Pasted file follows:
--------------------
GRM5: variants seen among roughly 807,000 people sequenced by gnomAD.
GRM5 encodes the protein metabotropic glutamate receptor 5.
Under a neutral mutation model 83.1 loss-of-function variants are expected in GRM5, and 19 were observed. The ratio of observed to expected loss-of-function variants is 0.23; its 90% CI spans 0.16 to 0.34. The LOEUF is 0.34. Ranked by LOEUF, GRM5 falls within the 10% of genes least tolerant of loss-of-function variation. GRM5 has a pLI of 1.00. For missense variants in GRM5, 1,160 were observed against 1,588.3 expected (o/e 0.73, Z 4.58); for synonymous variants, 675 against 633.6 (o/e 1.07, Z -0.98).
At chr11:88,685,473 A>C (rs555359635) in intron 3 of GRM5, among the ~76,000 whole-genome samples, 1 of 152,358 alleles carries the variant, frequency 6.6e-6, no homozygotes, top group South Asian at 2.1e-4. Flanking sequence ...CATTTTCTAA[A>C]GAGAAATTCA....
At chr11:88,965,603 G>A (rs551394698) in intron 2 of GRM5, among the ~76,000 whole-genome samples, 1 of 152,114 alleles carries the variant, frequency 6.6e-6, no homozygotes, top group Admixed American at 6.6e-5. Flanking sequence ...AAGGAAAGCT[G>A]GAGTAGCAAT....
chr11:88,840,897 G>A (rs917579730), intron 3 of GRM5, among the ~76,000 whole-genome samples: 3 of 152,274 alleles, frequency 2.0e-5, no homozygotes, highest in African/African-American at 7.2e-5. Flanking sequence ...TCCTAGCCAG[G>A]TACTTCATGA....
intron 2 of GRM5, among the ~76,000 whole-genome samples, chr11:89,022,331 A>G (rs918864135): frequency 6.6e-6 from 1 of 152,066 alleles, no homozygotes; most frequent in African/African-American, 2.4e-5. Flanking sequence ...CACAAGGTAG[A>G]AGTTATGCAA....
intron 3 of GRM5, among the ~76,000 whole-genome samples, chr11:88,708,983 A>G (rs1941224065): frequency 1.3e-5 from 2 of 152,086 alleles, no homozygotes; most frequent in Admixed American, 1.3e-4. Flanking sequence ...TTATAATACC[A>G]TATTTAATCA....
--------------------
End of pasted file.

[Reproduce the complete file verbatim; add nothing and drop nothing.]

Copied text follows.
GRM5: variants seen among roughly 807,000 people sequenced by gnomAD.
GRM5 encodes the protein metabotropic glutamate receptor 5.
Under a neutral mutation model 83.1 loss-of-function variants are expected in GRM5, and 19 were observed. The ratio of observed to expected loss-of-function variants is 0.23; its 90% CI spans 0.16 to 0.34. The LOEUF is 0.34. Ranked by LOEUF, GRM5 falls within the 10% of genes least tolerant of loss-of-function variation. GRM5 has a pLI of 1.00. For missense variants in GRM5, 1,160 were observed against 1,588.3 expected (o/e 0.73, Z 4.58); for synonymous variants, 675 against 633.6 (o/e 1.07, Z -0.98).
At chr11:88,685,473 A>C (rs555359635) in intron 3 of GRM5, among the ~76,000 whole-genome samples, 1 of 152,358 alleles carries the variant, frequency 6.6e-6, no homozygotes, top group South Asian at 2.1e-4. Flanking sequence ...CATTTTCTAA[A>C]GAGAAATTCA....
At chr11:88,965,603 G>A (rs551394698) in intron 2 of GRM5, among the ~76,000 whole-genome samples, 1 of 152,114 alleles carries the variant, frequency 6.6e-6, no homozygotes, top group Admixed American at 6.6e-5. Flanking sequence ...AAGGAAAGCT[G>A]GAGTAGCAAT....
chr11:88,840,897 G>A (rs917579730), intron 3 of GRM5, among the ~76,000 whole-genome samples: 3 of 152,274 alleles, frequency 2.0e-5, no homozygotes, highest in African/African-American at 7.2e-5. Flanking sequence ...TCCTAGCCAG[G>A]TACTTCATGA....
intron 2 of GRM5, among the ~76,000 whole-genome samples, chr11:89,022,331 A>G (rs918864135): frequency 6.6e-6 from 1 of 152,066 alleles, no homozygotes; most frequent in African/African-American, 2.4e-5. Flanking sequence ...CACAAGGTAG[A>G]AGTTATGCAA....
intron 3 of GRM5, among the ~76,000 whole-genome samples, chr11:88,708,983 A>G (rs1941224065): frequency 1.3e-5 from 2 of 152,086 alleles, no homozygotes; most frequent in Admixed American, 1.3e-4. Flanking sequence ...TTATAATACC[A>G]TATTTAATCA....